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Energy»US and Australian funds join BP rebellion on oil sands

»Tuesday, April 13,2010

A collection of influential international investors have added their support to a shareholder rebellion over BP's plans to invest in the controversial Canadian oil sands.

Pension funds from the US and Australia say they will back a resolution at BP's annual general meeting next week that calls for the oil group to publish a report on the financial and environmental risks involved in developing oil sands.

The California Public Employees' Retirement System (CalPers), the California State Teachers' Retirement System (CalStrs), and the Vermont Pension Investment said yesterday they will vote in favour of the resolution – which BP management is opposing – as will AMP Capital Investors and Christian Super in Australia.



Jack Ehnes, chief executive of CalStrs, said: "The environmental risks associated with oil sands development comes with long-term financial risk for the CalStrs portfolio."

The investors that have committed to the resolution hold stakes of less than 0.5pc in BP, but CalStrs and CalPers are among the top ten largest pension funds in the world and their support is a blow to BP.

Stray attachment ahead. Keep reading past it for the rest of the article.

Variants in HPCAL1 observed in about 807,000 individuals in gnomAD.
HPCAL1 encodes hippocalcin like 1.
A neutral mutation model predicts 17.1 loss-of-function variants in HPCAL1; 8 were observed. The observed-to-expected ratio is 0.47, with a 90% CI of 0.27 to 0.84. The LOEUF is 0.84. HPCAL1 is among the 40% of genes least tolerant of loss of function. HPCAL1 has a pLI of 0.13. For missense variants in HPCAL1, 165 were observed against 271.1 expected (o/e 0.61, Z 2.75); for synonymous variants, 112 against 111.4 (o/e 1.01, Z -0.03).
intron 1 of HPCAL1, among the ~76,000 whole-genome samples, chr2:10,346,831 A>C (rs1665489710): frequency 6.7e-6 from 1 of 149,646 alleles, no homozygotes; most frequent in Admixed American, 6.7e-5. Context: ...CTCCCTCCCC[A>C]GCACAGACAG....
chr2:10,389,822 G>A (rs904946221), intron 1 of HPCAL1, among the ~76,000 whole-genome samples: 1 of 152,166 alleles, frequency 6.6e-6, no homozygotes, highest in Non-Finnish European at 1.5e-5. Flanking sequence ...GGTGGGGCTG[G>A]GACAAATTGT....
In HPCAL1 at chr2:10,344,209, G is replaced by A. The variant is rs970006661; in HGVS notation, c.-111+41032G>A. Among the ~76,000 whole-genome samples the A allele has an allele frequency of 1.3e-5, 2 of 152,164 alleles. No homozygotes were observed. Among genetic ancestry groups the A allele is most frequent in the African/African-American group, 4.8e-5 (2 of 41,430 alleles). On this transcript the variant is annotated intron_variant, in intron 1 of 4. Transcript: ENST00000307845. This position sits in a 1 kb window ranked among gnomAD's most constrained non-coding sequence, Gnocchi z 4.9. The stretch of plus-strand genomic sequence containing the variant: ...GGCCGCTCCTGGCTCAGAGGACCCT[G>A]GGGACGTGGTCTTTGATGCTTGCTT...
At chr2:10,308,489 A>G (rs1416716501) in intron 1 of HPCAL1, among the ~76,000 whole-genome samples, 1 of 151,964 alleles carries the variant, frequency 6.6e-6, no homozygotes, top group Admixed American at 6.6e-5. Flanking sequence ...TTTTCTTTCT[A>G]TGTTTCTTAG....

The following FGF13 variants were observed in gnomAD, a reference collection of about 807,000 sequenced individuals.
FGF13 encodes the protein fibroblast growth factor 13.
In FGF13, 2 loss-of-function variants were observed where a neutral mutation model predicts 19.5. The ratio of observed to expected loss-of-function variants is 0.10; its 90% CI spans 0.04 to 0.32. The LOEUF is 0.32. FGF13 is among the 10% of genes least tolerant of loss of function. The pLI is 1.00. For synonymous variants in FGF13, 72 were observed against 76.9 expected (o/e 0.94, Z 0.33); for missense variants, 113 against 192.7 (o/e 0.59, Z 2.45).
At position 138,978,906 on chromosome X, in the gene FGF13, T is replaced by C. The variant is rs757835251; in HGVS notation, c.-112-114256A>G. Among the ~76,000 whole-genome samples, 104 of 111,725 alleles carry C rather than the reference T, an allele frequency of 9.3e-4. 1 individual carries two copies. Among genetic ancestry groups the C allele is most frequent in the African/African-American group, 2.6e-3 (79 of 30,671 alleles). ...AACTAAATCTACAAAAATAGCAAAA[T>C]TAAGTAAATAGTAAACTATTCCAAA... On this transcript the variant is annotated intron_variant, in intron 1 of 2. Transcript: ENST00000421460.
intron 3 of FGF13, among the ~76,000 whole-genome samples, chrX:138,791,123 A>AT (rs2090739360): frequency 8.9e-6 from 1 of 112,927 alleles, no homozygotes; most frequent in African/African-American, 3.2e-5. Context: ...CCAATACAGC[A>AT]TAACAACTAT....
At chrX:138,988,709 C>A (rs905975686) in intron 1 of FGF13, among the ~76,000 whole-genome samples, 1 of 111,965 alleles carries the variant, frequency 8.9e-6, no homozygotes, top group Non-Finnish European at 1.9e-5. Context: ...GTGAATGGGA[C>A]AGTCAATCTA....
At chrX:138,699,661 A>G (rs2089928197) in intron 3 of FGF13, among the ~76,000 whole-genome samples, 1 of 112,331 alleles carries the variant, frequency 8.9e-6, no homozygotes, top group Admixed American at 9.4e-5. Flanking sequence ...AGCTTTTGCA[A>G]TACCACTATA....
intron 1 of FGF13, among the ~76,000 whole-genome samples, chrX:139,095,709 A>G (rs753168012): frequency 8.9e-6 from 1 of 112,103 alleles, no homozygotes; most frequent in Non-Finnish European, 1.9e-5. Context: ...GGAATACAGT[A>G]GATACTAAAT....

Oil sands, or tar sands as they are also know, are controversial because extracting the oil requires significant amounts of energy – giving off more carbon dioxide and costing more than conventional methods, as well as potentially scarring the landscape.

BP does not have any oil sands production at present but expects to approve the development of its Sunrise site in Canada later this year. The $10bn (£6.6bn) venture is shared with US group Husky and covers an area in Alberta roughly the size of England.

Fair Pensions, the investment charity which is co-ordinating the resolution, said BP had not made "adequate disclosures" to satisfy investor concerns. It warned BP faces "legal and reputational risks" if there is damage to the local environment, as well as pointing to the high costs of extraction.

However, many British investors have said they will support BP's stance, or have not committed either way.

The Local Authority Pension Fund Forum said BP has "provided sufficient evidence that its approach was well-grounded".

The ABI has given the resolution an amber rating, simply indicating that it is resolution not proposed by the company and requires the attention.

A spokesman for BP said: "BP assesses the use of shareholder funds with the same rigour whether the proposed investment is in renewable energy, refining and marketing, oil sands or other oil and gas production. BP's strategy is very clear: it is to invest to grow production profitably by taking big positions in the world's most prolific hydrocarbon basins."

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